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Murphy drives home go-ahead run in ninth

OAKLAND -- After his teammates battled for 3 1/2 hours, lost a six-run lead and then had a couple of reserve players come through in the ninth, Rangers closer Neftali Feliz knew this potential win was too big to let slip away.

"The way that game was going, I knew I had to be 100 percent sharp," Feliz said. "This was a very good game -- an important game -- to win despite the way we played."

Feliz did his job, making a crucial stolen base by Craig Gentry and a go-ahead single from David Murphy in the top of the ninth inning stand up for a 7-6 victory over the Athletics on a Sunday afternoon at the Oakland Coliseum.

The Rangers, by completing a three-game sweep of the Athletics, have now won eight of their last 10 games. With the Angels losing in Toronto, the Rangers have a four-game lead in the American League West. They also have a four-game series against the Angels that starts on Monday in Anaheim.

"We're excited about it," outfielder Josh Hamilton said. "We want to win every game and to see the Angels lose ... I don't want to say it relaxes us, but it makes us want to get after it more and send a message.

The three-game sweep marked the second time in a row the Rangers have swept the Athletics. They took four straight at the Ballpark in Arlington right before the All-Star break and their eight-game overall winning streak against the Athletics is their longest against them since 1983.

"We were in a situation that's tough to do, and that's try to sweep a team," Rangers manager Ron Washington said. "They were in a situation that's desperate, and they were fighting hard. You get up 6-0, you think they would lay down, but they didn't. Bob Melvin is not going to let that happen. They really battled us today."

The Rangers did have a 6-0 lead after 4 1/2 innings, but the Athletics came back to tie it with two in the fifth and four in the sixth. To keep it that way, they sent closer Andrew Bailey to the mound in the ninth, but he walked Mitch Moreland with one out. Washington then sent Gentry in to pinch-run with designs on him stealing second.

But Gentry, who had the green light to steal on any pitch he chose, stayed at first while Bailey struck out Yorvit Torrealba and got ahead 1-2 in the count to Murphy. At that point, Washington told Gentry to run on the next pitch.

"He had to go," Washington said.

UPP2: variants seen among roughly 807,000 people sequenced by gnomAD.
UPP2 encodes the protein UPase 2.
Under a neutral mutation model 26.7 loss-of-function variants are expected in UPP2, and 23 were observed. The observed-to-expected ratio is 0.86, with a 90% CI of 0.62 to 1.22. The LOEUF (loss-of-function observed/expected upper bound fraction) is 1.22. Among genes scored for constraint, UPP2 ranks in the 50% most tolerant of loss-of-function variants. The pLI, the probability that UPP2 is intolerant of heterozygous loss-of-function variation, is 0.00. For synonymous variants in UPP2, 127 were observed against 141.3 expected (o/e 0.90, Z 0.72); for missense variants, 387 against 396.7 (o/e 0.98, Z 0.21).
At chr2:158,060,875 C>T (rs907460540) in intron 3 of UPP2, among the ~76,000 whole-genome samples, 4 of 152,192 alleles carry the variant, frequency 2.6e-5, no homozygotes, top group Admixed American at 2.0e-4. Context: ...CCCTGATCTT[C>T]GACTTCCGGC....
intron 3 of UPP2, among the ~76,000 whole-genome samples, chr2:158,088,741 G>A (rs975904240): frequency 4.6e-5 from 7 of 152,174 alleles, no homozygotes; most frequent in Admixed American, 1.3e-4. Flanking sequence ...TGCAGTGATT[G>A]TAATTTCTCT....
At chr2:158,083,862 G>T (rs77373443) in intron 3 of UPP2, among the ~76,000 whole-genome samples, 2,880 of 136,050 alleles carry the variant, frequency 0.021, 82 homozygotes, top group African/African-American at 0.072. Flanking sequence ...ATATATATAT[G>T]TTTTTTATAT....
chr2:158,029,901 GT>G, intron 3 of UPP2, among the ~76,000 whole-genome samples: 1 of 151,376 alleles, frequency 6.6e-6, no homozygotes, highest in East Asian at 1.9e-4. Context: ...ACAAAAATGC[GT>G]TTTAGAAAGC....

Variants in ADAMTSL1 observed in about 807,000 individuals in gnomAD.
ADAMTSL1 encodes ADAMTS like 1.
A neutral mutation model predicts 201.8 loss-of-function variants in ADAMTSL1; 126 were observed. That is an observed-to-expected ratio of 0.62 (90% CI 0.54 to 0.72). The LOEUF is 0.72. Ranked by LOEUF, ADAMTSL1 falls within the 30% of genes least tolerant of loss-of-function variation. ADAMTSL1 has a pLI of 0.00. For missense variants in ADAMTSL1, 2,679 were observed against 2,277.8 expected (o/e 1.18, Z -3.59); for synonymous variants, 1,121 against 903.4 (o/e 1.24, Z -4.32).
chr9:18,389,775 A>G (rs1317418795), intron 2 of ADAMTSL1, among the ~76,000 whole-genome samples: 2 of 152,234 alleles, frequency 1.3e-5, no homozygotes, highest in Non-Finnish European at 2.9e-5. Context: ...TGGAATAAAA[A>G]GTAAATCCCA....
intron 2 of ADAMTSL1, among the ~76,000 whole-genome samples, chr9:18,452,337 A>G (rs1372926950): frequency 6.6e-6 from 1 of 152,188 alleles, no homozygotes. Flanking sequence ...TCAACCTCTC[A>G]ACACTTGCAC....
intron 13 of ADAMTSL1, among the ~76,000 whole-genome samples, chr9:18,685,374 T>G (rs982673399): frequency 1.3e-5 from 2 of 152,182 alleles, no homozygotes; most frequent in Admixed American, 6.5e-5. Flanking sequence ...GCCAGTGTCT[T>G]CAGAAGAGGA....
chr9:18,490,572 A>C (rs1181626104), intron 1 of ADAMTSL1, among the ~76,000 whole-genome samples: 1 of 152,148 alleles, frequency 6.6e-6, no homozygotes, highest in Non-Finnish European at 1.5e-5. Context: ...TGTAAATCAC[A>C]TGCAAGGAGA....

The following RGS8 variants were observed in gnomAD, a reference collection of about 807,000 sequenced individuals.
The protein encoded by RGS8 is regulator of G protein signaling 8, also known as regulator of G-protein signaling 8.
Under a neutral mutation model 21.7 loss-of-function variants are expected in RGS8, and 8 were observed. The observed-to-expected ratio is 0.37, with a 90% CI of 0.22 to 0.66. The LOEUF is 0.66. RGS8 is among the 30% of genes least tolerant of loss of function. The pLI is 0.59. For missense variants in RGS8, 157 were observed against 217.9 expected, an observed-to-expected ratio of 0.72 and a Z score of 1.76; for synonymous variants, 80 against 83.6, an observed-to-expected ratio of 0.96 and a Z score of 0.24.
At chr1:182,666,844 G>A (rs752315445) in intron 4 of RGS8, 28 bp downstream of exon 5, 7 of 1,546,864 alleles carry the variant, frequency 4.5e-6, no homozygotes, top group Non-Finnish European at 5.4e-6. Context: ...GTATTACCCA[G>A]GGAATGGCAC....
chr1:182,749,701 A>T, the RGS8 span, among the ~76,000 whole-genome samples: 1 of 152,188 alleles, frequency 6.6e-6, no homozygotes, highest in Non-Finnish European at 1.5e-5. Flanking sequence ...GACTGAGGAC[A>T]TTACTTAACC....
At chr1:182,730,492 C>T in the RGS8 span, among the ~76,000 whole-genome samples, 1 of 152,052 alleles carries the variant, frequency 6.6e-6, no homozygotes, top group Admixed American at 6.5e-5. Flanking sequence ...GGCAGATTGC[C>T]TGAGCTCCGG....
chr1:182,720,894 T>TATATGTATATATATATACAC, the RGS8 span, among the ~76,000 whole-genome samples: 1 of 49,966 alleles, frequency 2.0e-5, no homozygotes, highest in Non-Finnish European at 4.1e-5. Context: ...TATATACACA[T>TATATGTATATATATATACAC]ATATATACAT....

"I had the green light the whole time, but he was quick to the plate," Gentry said. "I wanted to be sure and he was quicker to the plate than I expected."

One thing changed when Bailey got ahead 1-2 on Murphy. He stopped worrying about Gentry.

"The guy has some speed, and that's one of his jobs, to come in and steal a base," Bailey said. "I wanted to keep him close, but once I got two strikes on Murphy, I wanted to get the hitter and not worry so much about the runner. If I execute that pitch, it would be a different story."

Bailey missed low with a 1-2 fastball and Gentry stole second without a throw from catcher Kurt Suzuki. Bailey then missed with a cut fastball and Murphy smacked a grounder up the middle for a single that chased home Gentry.

"I wasn't taking pitches so Gentry could steal," Murphy said. "When a guy has stuff like that, you don't want to wait until you get two strikes. He's got the kind of stuff that can put you away. He painted with those first two strikes and Gentry got a chance to steal."

Murphy also got a chance to deliver a big hit. He started because Washington wanted to give Endy Chavez a day off. He was 1-for-12 coming into the game and had just two RBIs in his last 14 games.

"It hasn't been a great season for me, but it doesn't matter," Murphy said. "The team is in a great spot. There's no reason to focus on anything but the team."

The Rangers should have had an easier time putting this one away. They took advantage of Oakland starter Rich Harden's erratic control to take a 4-0 lead and outfielder David DeJesus' dropped an easy fly ball in the fifth that brought home two more runs.

But Harrison couldn't hold the lead long enough to get the victory. Two runs scored in the fifth when second baseman Ian Kinsler let a grounder get through him for an error, snapping his 42-game errorless streak. Harrison then couldn't get out of the sixth as the Athletics scored four runs off him and reliever Darren Oliver to tie the game.

Harrison left after 5 1/3 innings and 108 pitches. It snapped a streak of pitching at least six innings in 11 straight starts.

"They were seeing way too many of my pitches," Harrison said. "With a six-run lead, I have to do a better job of getting quick outs and making them put the ball in play. The first part of the game they were seeing too many pitches and it finally caught up to me. I ran out of gas."

Oliver gave up a couple hits that brought home two runs charged to Harrison. But Yoshinori Tateyama, Mike Adams and Feliz combined for 3 2/3 scoreless innings that kept it tied until the ninth.

"The bullpen did a great job," Harrison said.

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